Six Democratic senators want to know if law clerks participating in a conservative organization’s training program violated the judicial codes of conduct.
The Heritage Foundation, which held the training program in February, has advocated for “repealing reproductive rights; dismantling affirmative action policies; limiting voting rights; and restrictive immigration policies,” the Judiciary Committee members said in a letter to James Duff, the director of the Administrative Office of the U.S. Courts.
The organization has touted its role in helping President Donald Trump select nominees to the U.S. Supreme Court.
The anonymously-funded program originally made participants pledge their secrecy and promise not to use their training for purposes contrary to the interests of the Heritage Foundation, the senators said.
It also held a session about immigration law on the same day that the foundation released a report concerning its immigration agenda, the letter said.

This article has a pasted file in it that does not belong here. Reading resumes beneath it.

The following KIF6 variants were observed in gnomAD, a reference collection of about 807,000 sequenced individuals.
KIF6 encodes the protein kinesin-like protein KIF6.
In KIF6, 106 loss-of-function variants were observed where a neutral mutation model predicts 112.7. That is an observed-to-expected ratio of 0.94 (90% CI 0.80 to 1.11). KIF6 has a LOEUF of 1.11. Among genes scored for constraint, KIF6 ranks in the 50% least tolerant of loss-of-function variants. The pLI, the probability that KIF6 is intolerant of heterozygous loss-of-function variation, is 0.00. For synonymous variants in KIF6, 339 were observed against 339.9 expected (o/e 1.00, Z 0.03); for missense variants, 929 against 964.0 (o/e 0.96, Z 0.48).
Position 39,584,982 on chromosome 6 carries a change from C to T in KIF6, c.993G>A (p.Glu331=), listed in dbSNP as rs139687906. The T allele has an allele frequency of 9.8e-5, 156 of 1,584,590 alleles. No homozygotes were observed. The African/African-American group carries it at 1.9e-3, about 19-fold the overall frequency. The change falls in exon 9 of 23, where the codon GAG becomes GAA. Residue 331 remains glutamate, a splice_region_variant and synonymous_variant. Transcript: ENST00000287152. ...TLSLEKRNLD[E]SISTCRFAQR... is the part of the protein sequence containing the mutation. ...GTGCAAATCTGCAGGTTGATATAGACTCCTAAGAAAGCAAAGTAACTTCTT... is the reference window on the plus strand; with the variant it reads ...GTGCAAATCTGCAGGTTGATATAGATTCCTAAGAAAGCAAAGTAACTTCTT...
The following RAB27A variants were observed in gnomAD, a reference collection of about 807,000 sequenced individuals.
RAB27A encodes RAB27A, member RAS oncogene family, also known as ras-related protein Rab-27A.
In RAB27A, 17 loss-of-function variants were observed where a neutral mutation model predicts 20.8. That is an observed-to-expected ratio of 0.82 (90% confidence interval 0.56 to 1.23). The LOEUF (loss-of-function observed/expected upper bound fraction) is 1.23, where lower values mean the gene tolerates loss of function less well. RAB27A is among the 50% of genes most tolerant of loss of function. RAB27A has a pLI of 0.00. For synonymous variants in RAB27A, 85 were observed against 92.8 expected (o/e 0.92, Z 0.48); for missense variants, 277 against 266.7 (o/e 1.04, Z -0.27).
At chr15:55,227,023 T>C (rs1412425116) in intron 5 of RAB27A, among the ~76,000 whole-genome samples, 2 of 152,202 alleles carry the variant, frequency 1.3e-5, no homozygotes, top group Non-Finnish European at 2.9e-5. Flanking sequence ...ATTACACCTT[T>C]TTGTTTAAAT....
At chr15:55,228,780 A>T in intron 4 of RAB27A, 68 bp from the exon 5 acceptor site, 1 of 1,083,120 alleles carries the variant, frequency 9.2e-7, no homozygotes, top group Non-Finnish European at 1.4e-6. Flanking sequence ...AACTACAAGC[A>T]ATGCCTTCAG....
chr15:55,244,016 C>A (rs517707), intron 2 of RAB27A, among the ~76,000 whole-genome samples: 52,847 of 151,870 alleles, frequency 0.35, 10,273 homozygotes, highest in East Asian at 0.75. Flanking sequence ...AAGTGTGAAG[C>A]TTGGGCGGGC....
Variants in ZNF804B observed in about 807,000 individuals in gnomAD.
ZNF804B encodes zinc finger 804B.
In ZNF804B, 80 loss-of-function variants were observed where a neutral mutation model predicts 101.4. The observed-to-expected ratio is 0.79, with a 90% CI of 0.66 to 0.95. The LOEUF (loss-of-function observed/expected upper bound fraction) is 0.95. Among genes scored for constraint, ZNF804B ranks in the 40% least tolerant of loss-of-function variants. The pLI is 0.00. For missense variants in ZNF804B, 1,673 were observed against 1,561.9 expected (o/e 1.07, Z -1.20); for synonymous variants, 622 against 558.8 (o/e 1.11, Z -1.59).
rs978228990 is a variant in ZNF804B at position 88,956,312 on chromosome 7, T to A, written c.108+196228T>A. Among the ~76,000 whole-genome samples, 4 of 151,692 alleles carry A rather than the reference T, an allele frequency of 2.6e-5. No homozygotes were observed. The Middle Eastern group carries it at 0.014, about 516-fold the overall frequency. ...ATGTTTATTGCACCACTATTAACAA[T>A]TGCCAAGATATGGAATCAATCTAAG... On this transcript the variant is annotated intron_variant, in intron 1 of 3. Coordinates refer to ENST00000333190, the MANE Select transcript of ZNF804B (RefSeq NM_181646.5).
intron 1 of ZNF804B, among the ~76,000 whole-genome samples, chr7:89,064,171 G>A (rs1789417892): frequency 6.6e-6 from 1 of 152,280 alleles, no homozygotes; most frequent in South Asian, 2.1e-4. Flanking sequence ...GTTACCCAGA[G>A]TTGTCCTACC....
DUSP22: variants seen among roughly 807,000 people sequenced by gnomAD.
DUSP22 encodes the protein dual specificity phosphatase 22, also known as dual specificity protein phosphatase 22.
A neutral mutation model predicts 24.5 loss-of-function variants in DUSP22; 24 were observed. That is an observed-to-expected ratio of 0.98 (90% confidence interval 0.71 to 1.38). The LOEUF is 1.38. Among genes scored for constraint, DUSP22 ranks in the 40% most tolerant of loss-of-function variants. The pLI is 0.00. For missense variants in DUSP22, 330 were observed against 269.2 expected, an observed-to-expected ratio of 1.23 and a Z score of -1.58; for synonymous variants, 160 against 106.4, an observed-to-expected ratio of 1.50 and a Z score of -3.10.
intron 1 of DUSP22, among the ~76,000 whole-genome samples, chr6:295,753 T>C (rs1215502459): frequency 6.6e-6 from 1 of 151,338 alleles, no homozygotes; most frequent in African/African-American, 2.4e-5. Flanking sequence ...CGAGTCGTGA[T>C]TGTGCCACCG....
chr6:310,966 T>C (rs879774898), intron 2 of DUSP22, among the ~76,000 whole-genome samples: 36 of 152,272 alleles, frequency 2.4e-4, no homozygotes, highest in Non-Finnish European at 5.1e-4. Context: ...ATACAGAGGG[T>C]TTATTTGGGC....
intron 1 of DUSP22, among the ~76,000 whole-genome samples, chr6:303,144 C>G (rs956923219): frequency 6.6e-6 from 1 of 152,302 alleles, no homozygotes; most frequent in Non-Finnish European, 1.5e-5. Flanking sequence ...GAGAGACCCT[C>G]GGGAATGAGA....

The senators asked whether any current or future judge or judicial employee asked the office for advice about attending that program, and what conclusion the office reached if they did.
The letter cited guidance that the office issued after the program, which listed situations in which attending certain events could violate judicial codes of conduct.
Concerns are raised when the event sponsor engages in contentious debates over public policy and the program is funded by unknown sources, according to that guidance.
In response to the letter from the US senators, Heritage Foundation's John Malcolm issued this response, which denies any wrong-doing.
Here is more about the think tank's Federal Clerkship Training Academy. And here is what the New York Times had to say about it.